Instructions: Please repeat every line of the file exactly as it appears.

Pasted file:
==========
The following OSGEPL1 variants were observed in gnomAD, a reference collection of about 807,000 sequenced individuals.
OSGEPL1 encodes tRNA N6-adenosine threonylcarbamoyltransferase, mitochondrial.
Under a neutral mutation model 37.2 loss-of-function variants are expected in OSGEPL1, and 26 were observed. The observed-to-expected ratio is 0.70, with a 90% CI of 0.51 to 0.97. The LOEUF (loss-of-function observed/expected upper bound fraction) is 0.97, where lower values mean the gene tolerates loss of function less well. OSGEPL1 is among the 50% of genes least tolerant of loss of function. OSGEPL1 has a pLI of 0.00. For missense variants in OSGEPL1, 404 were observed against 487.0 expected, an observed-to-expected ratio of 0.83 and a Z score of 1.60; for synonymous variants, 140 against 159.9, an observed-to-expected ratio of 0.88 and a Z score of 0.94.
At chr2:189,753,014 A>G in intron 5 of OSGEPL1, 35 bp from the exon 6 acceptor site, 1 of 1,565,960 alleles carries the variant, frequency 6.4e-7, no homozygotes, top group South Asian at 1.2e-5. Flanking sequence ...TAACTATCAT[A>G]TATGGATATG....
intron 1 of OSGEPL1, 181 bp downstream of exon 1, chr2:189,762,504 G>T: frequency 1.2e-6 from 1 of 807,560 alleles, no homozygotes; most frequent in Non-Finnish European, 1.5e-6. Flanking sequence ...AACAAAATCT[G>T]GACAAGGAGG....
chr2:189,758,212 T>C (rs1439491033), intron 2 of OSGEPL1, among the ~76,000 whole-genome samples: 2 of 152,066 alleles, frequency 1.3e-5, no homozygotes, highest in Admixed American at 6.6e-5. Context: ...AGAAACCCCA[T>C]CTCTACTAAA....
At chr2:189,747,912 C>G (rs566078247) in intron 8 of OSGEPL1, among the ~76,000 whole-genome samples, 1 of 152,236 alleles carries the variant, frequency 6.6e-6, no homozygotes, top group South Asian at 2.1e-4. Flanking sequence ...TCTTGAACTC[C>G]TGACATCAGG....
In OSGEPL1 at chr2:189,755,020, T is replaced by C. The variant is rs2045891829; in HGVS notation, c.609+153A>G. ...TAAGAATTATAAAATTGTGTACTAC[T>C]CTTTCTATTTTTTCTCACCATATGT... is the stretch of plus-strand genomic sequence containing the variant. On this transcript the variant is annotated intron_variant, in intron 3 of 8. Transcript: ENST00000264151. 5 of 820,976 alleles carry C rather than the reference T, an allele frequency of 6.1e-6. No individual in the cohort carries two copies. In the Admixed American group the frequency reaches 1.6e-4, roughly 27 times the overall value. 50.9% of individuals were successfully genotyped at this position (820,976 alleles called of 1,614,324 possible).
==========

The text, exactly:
The following OSGEPL1 variants were observed in gnomAD, a reference collection of about 807,000 sequenced individuals.
OSGEPL1 encodes tRNA N6-adenosine threonylcarbamoyltransferase, mitochondrial.
Under a neutral mutation model 37.2 loss-of-function variants are expected in OSGEPL1, and 26 were observed. The observed-to-expected ratio is 0.70, with a 90% CI of 0.51 to 0.97. The LOEUF (loss-of-function observed/expected upper bound fraction) is 0.97, where lower values mean the gene tolerates loss of function less well. OSGEPL1 is among the 50% of genes least tolerant of loss of function. OSGEPL1 has a pLI of 0.00. For missense variants in OSGEPL1, 404 were observed against 487.0 expected, an observed-to-expected ratio of 0.83 and a Z score of 1.60; for synonymous variants, 140 against 159.9, an observed-to-expected ratio of 0.88 and a Z score of 0.94.
At chr2:189,753,014 A>G in intron 5 of OSGEPL1, 35 bp from the exon 6 acceptor site, 1 of 1,565,960 alleles carries the variant, frequency 6.4e-7, no homozygotes, top group South Asian at 1.2e-5. Flanking sequence ...TAACTATCAT[A>G]TATGGATATG....
intron 1 of OSGEPL1, 181 bp downstream of exon 1, chr2:189,762,504 G>T: frequency 1.2e-6 from 1 of 807,560 alleles, no homozygotes; most frequent in Non-Finnish European, 1.5e-6. Flanking sequence ...AACAAAATCT[G>T]GACAAGGAGG....
chr2:189,758,212 T>C (rs1439491033), intron 2 of OSGEPL1, among the ~76,000 whole-genome samples: 2 of 152,066 alleles, frequency 1.3e-5, no homozygotes, highest in Admixed American at 6.6e-5. Context: ...AGAAACCCCA[T>C]CTCTACTAAA....
At chr2:189,747,912 C>G (rs566078247) in intron 8 of OSGEPL1, among the ~76,000 whole-genome samples, 1 of 152,236 alleles carries the variant, frequency 6.6e-6, no homozygotes, top group South Asian at 2.1e-4. Flanking sequence ...TCTTGAACTC[C>G]TGACATCAGG....
In OSGEPL1 at chr2:189,755,020, T is replaced by C. The variant is rs2045891829; in HGVS notation, c.609+153A>G. ...TAAGAATTATAAAATTGTGTACTAC[T>C]CTTTCTATTTTTTCTCACCATATGT... is the stretch of plus-strand genomic sequence containing the variant. On this transcript the variant is annotated intron_variant, in intron 3 of 8. Transcript: ENST00000264151. 5 of 820,976 alleles carry C rather than the reference T, an allele frequency of 6.1e-6. No individual in the cohort carries two copies. In the Admixed American group the frequency reaches 1.6e-4, roughly 27 times the overall value. 50.9% of individuals were successfully genotyped at this position (820,976 alleles called of 1,614,324 possible).